They seem so different from ferns. I like the feel of the fuzz on their vines.
Larry has been trying to make the tomatoes grow for the past two weeks. They didn’t have the same deep green as the ferns. Their lives were not as delicate. Still, there was a different type of peace he was gaining from working with them. The monk in charge of the garden had not been able to get the tomatoes to grow. They would look flower but then get sickly looking and the flowers would fall off.
Larry had looked up this problem in his gardening book. The problem might be caused by several possibilities: too much nitrogen in the soil, getting too hot, or not getting enough water. The monk came several times a day to check the garden; it couldn’t be not getting enough water. If anything, the garden was cool; its location at the top of the monastery, which was already on top of a steep hill kept it cool rather than hot.
Larry had asked the monk about testing the soil for its composition. Unfortunately, there was no money available for something like this and Larry had spent the only money he had on the gardening book. Larry felt the soil, wondering about the nitrogen. Something urged him on to just do an experiment. He went to the monks’ workshop and swept up the wood chips and wood dust from their making their own furniture. He then went to the garden and spread it around only half the tomato plants- just in case it might hurt rather than help them; his book said this might reduce the level of nitrogen in the soil.
By the end of the first week of this treatment, Larry began to see an improvement. By the end of the second week, the plants that he had treated had exchanged flowers for beautiful tomatoes. He was so excited; he ran through the courtyard to the workshop to get more wood chips and dust for the rest of the tomato plants; he had figured it out!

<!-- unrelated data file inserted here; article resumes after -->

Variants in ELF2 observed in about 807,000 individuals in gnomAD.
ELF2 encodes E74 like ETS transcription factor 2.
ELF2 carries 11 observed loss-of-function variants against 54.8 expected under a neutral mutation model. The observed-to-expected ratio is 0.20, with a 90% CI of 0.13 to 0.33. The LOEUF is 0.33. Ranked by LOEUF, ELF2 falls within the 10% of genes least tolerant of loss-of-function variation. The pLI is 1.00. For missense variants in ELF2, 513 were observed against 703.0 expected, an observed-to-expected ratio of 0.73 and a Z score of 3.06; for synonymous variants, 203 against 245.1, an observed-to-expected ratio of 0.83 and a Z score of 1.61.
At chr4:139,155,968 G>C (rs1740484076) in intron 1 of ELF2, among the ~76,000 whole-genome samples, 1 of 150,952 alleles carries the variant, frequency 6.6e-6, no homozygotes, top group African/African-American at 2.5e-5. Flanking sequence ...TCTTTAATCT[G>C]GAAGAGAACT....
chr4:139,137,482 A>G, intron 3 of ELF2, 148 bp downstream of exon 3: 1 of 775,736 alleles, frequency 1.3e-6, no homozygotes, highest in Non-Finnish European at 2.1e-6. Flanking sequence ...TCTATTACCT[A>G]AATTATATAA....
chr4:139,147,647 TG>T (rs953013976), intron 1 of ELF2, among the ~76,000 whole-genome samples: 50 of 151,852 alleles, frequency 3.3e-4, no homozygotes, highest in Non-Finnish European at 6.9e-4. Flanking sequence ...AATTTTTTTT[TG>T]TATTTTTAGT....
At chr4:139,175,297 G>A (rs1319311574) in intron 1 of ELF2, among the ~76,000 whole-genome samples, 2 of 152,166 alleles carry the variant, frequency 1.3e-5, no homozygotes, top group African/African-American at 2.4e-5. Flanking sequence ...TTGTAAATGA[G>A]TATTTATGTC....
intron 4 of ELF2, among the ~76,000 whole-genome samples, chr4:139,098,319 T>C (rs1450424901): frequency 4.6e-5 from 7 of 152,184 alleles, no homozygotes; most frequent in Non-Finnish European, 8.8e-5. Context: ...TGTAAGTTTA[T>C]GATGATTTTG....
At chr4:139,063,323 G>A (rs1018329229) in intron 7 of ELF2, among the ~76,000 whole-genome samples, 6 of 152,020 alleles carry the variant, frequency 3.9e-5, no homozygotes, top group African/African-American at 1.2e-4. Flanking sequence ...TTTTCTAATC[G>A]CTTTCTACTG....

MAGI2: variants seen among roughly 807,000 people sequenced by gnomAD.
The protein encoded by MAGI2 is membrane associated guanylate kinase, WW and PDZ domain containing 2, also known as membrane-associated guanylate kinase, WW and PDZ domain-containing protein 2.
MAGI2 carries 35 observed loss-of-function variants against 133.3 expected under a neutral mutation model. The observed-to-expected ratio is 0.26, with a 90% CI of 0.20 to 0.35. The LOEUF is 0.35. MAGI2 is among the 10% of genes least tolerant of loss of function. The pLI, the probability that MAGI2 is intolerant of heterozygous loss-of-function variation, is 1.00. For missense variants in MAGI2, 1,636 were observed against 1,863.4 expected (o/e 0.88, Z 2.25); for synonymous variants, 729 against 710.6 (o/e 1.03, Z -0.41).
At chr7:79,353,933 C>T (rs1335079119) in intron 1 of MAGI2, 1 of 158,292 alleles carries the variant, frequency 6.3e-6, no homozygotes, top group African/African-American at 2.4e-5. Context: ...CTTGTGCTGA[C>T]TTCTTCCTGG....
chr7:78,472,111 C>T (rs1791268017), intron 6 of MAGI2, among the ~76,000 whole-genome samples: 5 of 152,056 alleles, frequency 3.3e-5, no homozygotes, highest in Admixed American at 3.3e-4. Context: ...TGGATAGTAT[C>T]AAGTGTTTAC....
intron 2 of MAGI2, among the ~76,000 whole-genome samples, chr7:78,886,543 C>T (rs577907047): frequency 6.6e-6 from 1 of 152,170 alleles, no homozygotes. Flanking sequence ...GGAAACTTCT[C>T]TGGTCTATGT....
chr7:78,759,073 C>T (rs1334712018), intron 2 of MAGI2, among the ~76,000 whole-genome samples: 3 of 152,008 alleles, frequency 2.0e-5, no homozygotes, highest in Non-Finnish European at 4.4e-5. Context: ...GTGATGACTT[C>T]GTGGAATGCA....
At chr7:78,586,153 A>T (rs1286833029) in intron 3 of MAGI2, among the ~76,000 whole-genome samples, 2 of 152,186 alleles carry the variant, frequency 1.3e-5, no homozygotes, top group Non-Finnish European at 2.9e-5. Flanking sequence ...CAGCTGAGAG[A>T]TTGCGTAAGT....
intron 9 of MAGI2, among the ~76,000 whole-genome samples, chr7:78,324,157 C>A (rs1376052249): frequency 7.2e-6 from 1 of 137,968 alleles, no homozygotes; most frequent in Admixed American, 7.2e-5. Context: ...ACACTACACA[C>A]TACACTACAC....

Suddenly, his smile was wiped off his face. It wasn’t because he was remembering to be humble. It was because he heard this deep male voice in his head saying, “it was just an accident. You are too stupid to figure anything out.”
Where was this voice from? It didn’t sound like any of the monks. Whose voice was it?
Larry had never heard anyone speak harshly like this at the monastery. It was important to be humble within the brethren. However, humble didn’t have anything to do with making mean or hurtful remarks any more than prideful ones. The monk in charge of the garden had smiled at him and given him a pat on the shoulder for figuring things out with the tomatoes. This had felt very good to Larry. But, he realized that he shouldn’t work hard in the garden just to get a pat on the back; he should work hard to help the monks- to help others.
Larry was learning about their ways, slowly but surely. When the monks had their first tomato salad, and some nodded at him in silence, he just looked down. Larry knew their nods meant his efforts were appreciated; he didn’t need to smile or gloat about it.
He fell asleep at peace. But it didn’t last through the night. He tossed and turned around midnight, experiencing a very disturbing dream. He was in a dark basement and he was hearing that deep male voice from before. Now it was saying, “you’re a useless piece of shit. I am tired of seeing your ugly face. I hate the very sight of you.” He saw a belt go up in the air headed towards him and that was it. He was fully awake and covered in sweat. He was absolutely terrified, but he still didn’t recognize the voice or know what the dark basement represented.
Larry heard a gong. He had to run to the showers to clean off the swept and still be in time for morning prayers. On his knees, Larry tried to pray but the regular prayers refused to come out of his mouth. He then tried to focus just on asking God to explain what was happening to him. Again, the words couldn’t come out. Somehow, instead he kept wondering if he was too useless to deserve God’s help.
Why is Larry so disturbed by some insults he heard in a dream?
Should he just try and forget them?
To learn why you shouldn’t ignore these warning signs of emotional abuse, read: